The Structural Demands of Subsidiarity

One of the pleasures of teaching in a comprehensive theology program is that I often have to teach outside of my zones of specialization.  This spring I taught a senior-level course with lots of Catholic Social Teaching, a topic that somehow never came up in all my years of theological training.  It was only my second time to teach the course, so in many ways I was learning along with my students.

This time around, I saw more clearly the many implications of the famous “principle of subsidiarity,” classically defined in Pius XI’s encyclical Quadragesimo Anno:

Just as it is gravely wrong to take from individuals what they can accomplish by their own initiative and industry and give it to the community, so also it is an injustice and at the same time a grave evil and disturbance of right order to assign to a greater and higher association what lesser and subordinate organizations can do. For every social activity ought of its very nature to furnish help to the members of the body social, and never destroy and absorb them.

Here’s another formulation from John Paul II’s encyclical Centesimus Annus:

A community of a higher order should not interfere in the internal life of a community of a lower order, depriving the latter of its functions, but rather should support it in case of need and help to coordinate its activity with the activities of the rest of society, always with a view to the common good.

Reading through this time, I saw how this principle needs to shape the activities of all kinds of governing bodies.  It could reshape our debates about education, health care, and welfare, just to name a few.

But I also saw—and this was new to me—that this principle can be used to critique not only the activities of governing bodies but even their structure.  Most generally put, governing bodies should be set up such that the principle of subsidiarity could be put into practice.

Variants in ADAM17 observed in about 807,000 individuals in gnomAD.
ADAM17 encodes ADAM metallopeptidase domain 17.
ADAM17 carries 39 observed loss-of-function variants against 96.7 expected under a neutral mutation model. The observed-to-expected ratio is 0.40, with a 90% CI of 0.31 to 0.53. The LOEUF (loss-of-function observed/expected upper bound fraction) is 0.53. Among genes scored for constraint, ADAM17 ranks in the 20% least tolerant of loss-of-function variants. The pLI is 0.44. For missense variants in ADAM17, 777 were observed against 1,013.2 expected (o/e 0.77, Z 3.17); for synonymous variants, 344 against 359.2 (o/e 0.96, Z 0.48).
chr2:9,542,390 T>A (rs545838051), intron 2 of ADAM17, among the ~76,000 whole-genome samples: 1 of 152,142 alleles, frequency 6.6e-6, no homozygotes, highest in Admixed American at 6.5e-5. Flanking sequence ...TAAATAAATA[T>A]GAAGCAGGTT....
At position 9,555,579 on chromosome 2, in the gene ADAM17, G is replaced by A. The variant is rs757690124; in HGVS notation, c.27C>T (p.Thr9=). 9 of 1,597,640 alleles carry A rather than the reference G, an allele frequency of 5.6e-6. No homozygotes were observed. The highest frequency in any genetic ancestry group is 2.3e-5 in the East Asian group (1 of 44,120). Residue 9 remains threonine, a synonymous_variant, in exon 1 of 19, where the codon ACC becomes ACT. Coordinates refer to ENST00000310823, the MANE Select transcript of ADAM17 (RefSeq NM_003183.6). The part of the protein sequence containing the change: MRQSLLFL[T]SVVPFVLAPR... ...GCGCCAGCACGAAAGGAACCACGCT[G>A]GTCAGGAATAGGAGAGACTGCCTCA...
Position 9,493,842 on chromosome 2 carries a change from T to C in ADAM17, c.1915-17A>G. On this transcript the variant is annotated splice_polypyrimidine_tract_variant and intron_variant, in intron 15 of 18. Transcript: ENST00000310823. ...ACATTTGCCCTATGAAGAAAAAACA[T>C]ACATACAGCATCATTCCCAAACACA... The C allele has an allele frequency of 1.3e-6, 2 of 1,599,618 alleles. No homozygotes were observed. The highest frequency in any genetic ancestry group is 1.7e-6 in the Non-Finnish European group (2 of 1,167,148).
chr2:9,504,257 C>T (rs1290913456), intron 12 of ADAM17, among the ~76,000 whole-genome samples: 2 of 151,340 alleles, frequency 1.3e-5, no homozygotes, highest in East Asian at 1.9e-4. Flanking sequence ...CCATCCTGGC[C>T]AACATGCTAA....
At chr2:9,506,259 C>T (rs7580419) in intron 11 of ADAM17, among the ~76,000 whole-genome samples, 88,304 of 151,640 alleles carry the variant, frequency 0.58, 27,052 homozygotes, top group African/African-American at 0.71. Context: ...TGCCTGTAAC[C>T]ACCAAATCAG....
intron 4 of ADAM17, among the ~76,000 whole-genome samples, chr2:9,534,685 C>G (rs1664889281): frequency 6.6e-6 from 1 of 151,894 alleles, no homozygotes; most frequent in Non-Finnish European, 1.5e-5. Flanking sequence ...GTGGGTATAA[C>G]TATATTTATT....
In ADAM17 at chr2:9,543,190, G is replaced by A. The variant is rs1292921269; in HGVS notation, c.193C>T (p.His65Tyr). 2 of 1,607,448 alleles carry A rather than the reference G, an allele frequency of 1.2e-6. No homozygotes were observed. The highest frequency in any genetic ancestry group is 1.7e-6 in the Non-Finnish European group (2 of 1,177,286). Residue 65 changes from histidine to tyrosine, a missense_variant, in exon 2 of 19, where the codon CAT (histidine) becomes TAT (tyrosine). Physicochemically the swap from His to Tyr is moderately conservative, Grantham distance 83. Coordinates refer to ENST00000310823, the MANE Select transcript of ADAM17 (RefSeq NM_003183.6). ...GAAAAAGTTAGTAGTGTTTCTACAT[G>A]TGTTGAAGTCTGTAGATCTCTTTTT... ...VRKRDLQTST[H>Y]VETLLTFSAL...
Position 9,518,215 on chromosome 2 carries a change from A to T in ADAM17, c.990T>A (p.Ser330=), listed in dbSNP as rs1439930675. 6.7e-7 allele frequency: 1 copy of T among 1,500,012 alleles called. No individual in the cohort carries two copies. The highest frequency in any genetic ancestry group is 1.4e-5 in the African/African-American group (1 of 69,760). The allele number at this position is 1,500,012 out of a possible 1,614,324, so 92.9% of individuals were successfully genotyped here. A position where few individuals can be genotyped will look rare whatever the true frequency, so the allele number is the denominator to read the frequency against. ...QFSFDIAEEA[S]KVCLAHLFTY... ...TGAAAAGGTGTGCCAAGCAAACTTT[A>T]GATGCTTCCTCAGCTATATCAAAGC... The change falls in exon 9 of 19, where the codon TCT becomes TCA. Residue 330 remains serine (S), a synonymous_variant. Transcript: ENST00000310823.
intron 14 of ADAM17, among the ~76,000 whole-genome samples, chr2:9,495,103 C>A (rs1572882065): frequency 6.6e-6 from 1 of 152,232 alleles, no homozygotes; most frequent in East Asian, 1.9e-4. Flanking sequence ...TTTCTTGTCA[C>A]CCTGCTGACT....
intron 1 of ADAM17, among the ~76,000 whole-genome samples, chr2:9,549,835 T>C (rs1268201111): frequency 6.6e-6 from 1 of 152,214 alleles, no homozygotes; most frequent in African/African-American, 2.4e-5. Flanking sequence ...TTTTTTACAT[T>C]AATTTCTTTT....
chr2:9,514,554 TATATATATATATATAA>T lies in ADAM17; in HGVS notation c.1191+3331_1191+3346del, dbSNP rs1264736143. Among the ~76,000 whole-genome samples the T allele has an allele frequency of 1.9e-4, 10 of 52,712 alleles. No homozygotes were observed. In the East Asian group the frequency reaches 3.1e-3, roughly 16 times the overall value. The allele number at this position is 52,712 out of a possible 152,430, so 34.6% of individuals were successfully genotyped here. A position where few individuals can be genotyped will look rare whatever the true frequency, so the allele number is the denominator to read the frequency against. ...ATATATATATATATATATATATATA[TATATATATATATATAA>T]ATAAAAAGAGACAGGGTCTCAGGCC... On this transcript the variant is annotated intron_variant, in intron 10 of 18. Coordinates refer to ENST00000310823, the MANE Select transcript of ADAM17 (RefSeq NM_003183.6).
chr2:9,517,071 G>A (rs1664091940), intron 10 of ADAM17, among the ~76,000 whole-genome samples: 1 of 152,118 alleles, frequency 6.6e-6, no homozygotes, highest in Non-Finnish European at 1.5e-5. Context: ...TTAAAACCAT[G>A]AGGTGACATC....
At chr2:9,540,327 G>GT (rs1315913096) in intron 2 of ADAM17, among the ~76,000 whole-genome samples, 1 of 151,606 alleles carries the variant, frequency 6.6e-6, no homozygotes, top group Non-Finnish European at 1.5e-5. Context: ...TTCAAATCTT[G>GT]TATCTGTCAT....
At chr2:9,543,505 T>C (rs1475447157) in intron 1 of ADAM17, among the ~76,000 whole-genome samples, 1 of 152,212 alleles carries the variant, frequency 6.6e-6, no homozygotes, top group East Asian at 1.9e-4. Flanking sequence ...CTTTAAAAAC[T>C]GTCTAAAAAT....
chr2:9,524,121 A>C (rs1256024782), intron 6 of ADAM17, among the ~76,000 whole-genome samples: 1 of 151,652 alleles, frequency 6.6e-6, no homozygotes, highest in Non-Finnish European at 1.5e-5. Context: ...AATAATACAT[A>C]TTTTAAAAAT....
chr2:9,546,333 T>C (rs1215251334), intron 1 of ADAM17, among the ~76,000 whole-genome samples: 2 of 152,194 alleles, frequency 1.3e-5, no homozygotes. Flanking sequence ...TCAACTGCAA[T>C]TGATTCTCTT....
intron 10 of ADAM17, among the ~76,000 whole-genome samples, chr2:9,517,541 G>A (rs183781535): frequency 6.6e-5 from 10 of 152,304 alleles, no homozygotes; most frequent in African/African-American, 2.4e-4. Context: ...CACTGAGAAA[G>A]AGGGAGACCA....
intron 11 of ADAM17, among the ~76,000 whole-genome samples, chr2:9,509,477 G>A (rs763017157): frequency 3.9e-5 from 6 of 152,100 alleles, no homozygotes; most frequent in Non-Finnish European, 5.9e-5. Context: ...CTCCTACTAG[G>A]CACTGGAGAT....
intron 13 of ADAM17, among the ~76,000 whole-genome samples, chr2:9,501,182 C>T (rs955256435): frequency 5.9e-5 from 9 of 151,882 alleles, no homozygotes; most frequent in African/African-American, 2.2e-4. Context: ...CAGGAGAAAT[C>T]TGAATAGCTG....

To take one particular case: if a higher governing body has no function that could not be performed by a lower body, then that higher governing body should not exist.

For example, I serve on the Board of Directors for my local food bank.  The Board carries out functions that no lower group or individual can perform.  But suppose there were erected another group whose sole function was to have authority over the actions of the Board.  We’ll call this higher group the Board Oversight And Review Dictatorship (BOARD).  Every time the Board wanted to approve a budget, it would have its decision reviewed by the BOARD.  Every time the Board wanted to change a policy, it would have to appeal to the BOARD.

This arrangement is mechanically possible, but its existence would be “a disturbance of right order.”  The BOARD would take function away from the Board to no purpose, since the Board can function quite well on its own.

One reason the BOARD would fall into this difficulty is that it would not be a “community of a greater and higher order.”  It would be “higher” in the sense that it had authority, but it would not be “greater”:  its duties would not extend to any wider field than those of the original Board.  If there were several food banks in a league, then it might make sense to have one governing body of the league that had authority over the lesser governing boards of the individual food banks.  But where there is only one food bank, and that one a small organization where everyone can sit in one room, it would be strange to institute another governing body over the Board.

Does this kind of mistake ever happen in real life?  Believe it or not, I think it does.  But I would rather use my imaginary example, because my interest right now is in the principle more than its application to this or that situation.

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Author: Dr. Holmes

Dr. Jeremy Holmes teaches Theology at Wyoming Catholic College. He lives in Wyoming with his wife, Jacinta, and their eight children.

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